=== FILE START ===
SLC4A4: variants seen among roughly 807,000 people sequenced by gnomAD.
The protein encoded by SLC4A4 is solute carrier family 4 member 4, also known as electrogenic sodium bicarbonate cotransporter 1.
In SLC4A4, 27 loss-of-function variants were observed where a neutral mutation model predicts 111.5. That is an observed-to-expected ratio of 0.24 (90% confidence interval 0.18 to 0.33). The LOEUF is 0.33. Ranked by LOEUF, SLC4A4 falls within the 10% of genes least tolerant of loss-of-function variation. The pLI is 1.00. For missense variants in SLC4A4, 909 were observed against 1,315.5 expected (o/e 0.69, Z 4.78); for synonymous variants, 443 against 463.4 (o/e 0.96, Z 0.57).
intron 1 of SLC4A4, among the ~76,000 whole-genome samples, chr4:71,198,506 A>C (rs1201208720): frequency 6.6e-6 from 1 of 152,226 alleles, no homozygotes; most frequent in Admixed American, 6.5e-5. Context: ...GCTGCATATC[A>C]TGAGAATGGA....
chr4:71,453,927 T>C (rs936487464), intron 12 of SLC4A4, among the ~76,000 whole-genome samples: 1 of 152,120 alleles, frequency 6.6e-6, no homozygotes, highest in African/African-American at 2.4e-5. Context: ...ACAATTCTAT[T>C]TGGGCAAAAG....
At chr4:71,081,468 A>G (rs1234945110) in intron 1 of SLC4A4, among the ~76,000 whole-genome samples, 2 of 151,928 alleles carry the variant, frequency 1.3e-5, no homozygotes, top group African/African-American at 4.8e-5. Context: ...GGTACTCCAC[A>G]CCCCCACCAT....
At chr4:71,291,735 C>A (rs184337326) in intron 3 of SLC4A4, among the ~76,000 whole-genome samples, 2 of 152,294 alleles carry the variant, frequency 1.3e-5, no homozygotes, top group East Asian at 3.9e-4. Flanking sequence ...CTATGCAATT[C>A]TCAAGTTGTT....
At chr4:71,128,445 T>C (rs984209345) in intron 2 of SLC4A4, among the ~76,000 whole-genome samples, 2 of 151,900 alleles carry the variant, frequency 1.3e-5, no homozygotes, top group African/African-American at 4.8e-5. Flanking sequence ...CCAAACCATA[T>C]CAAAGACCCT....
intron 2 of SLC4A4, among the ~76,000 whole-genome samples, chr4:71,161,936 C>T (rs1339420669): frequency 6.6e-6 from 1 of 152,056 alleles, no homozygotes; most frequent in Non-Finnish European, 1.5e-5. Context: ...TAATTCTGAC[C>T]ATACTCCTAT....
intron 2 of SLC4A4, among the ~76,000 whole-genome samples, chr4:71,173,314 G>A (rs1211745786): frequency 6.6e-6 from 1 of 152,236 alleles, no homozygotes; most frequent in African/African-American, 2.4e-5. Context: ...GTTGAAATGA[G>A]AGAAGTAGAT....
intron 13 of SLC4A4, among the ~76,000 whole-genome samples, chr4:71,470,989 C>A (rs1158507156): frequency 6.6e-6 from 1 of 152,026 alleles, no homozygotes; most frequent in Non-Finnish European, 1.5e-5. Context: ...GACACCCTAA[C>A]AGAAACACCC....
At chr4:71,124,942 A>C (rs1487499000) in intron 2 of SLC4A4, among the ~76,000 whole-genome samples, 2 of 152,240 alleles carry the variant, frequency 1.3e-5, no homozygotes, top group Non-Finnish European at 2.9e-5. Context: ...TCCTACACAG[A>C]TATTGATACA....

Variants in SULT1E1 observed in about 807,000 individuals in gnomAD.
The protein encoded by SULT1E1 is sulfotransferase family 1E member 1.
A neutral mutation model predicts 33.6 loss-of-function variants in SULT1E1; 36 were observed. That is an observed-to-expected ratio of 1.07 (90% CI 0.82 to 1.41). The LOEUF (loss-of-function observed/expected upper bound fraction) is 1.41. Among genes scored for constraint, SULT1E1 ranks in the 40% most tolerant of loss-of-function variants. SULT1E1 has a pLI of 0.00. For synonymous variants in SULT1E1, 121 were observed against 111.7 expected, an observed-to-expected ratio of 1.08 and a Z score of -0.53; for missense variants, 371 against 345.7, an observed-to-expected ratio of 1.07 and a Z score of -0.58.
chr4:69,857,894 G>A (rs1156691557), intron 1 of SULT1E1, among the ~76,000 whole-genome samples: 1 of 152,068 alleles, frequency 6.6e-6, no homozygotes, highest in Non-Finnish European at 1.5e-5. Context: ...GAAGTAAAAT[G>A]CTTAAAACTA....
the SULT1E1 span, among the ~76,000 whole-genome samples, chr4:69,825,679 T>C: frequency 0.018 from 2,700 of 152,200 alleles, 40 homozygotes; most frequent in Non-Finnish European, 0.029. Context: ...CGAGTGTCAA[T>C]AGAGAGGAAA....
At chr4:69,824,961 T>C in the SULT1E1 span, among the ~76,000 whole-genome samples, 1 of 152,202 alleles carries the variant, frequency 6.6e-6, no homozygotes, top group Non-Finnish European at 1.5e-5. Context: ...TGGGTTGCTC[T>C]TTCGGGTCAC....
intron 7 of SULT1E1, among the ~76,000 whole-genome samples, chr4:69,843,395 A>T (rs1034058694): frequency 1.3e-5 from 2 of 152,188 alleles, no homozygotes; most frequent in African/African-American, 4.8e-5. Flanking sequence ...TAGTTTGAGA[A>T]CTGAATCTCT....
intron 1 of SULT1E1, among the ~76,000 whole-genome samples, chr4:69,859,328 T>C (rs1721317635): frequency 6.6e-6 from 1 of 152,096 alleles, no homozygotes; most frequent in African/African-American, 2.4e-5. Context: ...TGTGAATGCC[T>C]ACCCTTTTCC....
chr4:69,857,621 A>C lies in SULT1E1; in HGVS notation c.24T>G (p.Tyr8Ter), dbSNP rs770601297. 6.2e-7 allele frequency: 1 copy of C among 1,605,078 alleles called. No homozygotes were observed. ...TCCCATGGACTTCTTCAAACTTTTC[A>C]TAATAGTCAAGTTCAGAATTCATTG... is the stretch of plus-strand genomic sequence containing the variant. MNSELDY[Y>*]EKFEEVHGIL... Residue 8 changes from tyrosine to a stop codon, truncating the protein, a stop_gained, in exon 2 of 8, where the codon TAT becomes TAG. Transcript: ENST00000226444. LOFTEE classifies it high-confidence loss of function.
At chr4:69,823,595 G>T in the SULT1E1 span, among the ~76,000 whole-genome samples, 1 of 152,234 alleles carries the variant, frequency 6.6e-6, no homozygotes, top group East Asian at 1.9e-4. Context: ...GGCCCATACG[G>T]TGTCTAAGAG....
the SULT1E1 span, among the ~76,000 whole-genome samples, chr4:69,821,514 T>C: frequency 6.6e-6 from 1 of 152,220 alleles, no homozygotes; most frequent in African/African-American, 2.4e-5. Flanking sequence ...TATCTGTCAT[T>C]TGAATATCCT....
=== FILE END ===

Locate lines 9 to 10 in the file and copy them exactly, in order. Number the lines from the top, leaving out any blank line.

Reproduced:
intron 2 of SLC4A4, among the ~76,000 whole-genome samples, chr4:71,161,936 C>T (rs1339420669): frequency 6.6e-6 from 1 of 152,056 alleles, no homozygotes; most frequent in Non-Finnish European, 1.5e-5. Context: ...TAATTCTGAC[C>T]ATACTCCTAT....
intron 2 of SLC4A4, among the ~76,000 whole-genome samples, chr4:71,173,314 G>A (rs1211745786): frequency 6.6e-6 from 1 of 152,236 alleles, no homozygotes; most frequent in African/African-American, 2.4e-5. Context: ...GTTGAAATGA[G>A]AGAAGTAGAT....